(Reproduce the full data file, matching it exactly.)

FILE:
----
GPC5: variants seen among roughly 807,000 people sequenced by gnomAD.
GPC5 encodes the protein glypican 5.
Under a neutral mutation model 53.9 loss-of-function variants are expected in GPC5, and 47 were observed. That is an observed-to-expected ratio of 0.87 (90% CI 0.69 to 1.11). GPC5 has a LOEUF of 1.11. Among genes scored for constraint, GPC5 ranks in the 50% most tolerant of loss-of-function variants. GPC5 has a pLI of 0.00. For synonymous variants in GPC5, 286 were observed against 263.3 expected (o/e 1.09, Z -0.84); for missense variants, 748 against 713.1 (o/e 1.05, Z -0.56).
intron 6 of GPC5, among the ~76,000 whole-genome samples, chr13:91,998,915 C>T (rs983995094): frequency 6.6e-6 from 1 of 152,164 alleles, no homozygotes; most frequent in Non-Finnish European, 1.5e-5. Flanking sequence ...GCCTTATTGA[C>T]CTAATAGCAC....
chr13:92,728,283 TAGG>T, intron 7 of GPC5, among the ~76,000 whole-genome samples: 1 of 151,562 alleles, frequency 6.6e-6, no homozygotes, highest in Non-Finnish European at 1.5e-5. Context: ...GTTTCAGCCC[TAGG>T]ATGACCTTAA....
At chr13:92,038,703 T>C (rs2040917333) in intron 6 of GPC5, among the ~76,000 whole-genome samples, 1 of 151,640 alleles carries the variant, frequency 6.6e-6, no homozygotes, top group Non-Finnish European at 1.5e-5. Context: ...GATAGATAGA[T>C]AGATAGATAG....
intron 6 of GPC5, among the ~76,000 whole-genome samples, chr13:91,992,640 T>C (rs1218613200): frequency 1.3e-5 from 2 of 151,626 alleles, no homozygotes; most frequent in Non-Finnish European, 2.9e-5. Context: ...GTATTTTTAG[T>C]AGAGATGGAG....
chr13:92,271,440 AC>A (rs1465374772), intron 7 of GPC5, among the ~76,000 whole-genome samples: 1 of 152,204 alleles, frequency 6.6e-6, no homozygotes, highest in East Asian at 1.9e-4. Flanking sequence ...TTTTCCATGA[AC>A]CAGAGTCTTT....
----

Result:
GPC5: variants seen among roughly 807,000 people sequenced by gnomAD.
GPC5 encodes the protein glypican 5.
Under a neutral mutation model 53.9 loss-of-function variants are expected in GPC5, and 47 were observed. That is an observed-to-expected ratio of 0.87 (90% CI 0.69 to 1.11). GPC5 has a LOEUF of 1.11. Among genes scored for constraint, GPC5 ranks in the 50% most tolerant of loss-of-function variants. GPC5 has a pLI of 0.00. For synonymous variants in GPC5, 286 were observed against 263.3 expected (o/e 1.09, Z -0.84); for missense variants, 748 against 713.1 (o/e 1.05, Z -0.56).
intron 6 of GPC5, among the ~76,000 whole-genome samples, chr13:91,998,915 C>T (rs983995094): frequency 6.6e-6 from 1 of 152,164 alleles, no homozygotes; most frequent in Non-Finnish European, 1.5e-5. Flanking sequence ...GCCTTATTGA[C>T]CTAATAGCAC....
chr13:92,728,283 TAGG>T, intron 7 of GPC5, among the ~76,000 whole-genome samples: 1 of 151,562 alleles, frequency 6.6e-6, no homozygotes, highest in Non-Finnish European at 1.5e-5. Context: ...GTTTCAGCCC[TAGG>T]ATGACCTTAA....
At chr13:92,038,703 T>C (rs2040917333) in intron 6 of GPC5, among the ~76,000 whole-genome samples, 1 of 151,640 alleles carries the variant, frequency 6.6e-6, no homozygotes, top group Non-Finnish European at 1.5e-5. Context: ...GATAGATAGA[T>C]AGATAGATAG....
intron 6 of GPC5, among the ~76,000 whole-genome samples, chr13:91,992,640 T>C (rs1218613200): frequency 1.3e-5 from 2 of 151,626 alleles, no homozygotes; most frequent in Non-Finnish European, 2.9e-5. Context: ...GTATTTTTAG[T>C]AGAGATGGAG....
chr13:92,271,440 AC>A (rs1465374772), intron 7 of GPC5, among the ~76,000 whole-genome samples: 1 of 152,204 alleles, frequency 6.6e-6, no homozygotes, highest in East Asian at 1.9e-4. Flanking sequence ...TTTTCCATGA[AC>A]CAGAGTCTTT....